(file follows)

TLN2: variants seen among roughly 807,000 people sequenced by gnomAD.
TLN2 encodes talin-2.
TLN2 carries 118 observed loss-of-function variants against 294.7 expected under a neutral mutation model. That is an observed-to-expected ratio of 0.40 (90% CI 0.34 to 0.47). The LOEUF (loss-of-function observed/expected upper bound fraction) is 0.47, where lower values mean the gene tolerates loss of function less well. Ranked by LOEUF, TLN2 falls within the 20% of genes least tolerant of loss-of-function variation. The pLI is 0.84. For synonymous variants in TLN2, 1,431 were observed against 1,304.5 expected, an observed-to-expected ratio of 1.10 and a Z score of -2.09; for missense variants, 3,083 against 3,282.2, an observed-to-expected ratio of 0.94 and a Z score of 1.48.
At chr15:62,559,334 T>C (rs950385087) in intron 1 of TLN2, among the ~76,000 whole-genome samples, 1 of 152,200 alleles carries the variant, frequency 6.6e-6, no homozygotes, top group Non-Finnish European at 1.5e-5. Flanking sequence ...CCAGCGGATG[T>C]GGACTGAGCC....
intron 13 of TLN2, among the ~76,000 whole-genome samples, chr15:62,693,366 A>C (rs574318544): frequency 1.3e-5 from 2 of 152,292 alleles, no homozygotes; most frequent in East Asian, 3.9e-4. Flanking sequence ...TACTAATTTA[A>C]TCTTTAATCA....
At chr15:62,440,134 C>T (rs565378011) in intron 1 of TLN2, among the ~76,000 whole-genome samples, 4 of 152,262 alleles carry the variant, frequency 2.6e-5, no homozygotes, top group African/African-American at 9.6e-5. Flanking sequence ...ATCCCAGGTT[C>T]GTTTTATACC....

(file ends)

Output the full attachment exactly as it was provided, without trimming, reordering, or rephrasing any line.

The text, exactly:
TLN2: variants seen among roughly 807,000 people sequenced by gnomAD.
TLN2 encodes talin-2.
TLN2 carries 118 observed loss-of-function variants against 294.7 expected under a neutral mutation model. That is an observed-to-expected ratio of 0.40 (90% CI 0.34 to 0.47). The LOEUF (loss-of-function observed/expected upper bound fraction) is 0.47, where lower values mean the gene tolerates loss of function less well. Ranked by LOEUF, TLN2 falls within the 20% of genes least tolerant of loss-of-function variation. The pLI is 0.84. For synonymous variants in TLN2, 1,431 were observed against 1,304.5 expected, an observed-to-expected ratio of 1.10 and a Z score of -2.09; for missense variants, 3,083 against 3,282.2, an observed-to-expected ratio of 0.94 and a Z score of 1.48.
At chr15:62,559,334 T>C (rs950385087) in intron 1 of TLN2, among the ~76,000 whole-genome samples, 1 of 152,200 alleles carries the variant, frequency 6.6e-6, no homozygotes, top group Non-Finnish European at 1.5e-5. Flanking sequence ...CCAGCGGATG[T>C]GGACTGAGCC....
intron 13 of TLN2, among the ~76,000 whole-genome samples, chr15:62,693,366 A>C (rs574318544): frequency 1.3e-5 from 2 of 152,292 alleles, no homozygotes; most frequent in East Asian, 3.9e-4. Flanking sequence ...TACTAATTTA[A>C]TCTTTAATCA....
At chr15:62,440,134 C>T (rs565378011) in intron 1 of TLN2, among the ~76,000 whole-genome samples, 4 of 152,262 alleles carry the variant, frequency 2.6e-5, no homozygotes, top group African/African-American at 9.6e-5. Flanking sequence ...ATCCCAGGTT[C>T]GTTTTATACC....